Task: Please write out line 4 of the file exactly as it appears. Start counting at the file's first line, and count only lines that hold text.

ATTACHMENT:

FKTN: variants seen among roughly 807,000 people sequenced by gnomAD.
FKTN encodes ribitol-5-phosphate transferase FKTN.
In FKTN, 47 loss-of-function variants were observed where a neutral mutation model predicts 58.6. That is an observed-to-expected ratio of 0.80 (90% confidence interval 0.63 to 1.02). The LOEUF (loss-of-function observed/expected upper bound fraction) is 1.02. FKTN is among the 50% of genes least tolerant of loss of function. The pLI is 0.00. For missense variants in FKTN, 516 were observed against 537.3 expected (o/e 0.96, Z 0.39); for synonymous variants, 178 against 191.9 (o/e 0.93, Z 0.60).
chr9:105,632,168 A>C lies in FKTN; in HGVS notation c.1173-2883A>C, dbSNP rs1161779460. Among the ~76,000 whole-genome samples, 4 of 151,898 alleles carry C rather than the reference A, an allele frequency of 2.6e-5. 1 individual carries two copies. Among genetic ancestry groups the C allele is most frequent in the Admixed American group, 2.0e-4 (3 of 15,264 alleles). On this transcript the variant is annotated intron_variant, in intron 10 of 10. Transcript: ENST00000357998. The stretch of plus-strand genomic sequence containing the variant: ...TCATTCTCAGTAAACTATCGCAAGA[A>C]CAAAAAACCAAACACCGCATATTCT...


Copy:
chr9:105,632,168 A>C lies in FKTN; in HGVS notation c.1173-2883A>C, dbSNP rs1161779460. Among the ~76,000 whole-genome samples, 4 of 151,898 alleles carry C rather than the reference A, an allele frequency of 2.6e-5. 1 individual carries two copies. Among genetic ancestry groups the C allele is most frequent in the Admixed American group, 2.0e-4 (3 of 15,264 alleles). On this transcript the variant is annotated intron_variant, in intron 10 of 10. Transcript: ENST00000357998. The stretch of plus-strand genomic sequence containing the variant: ...TCATTCTCAGTAAACTATCGCAAGA[A>C]CAAAAAACCAAACACCGCATATTCT...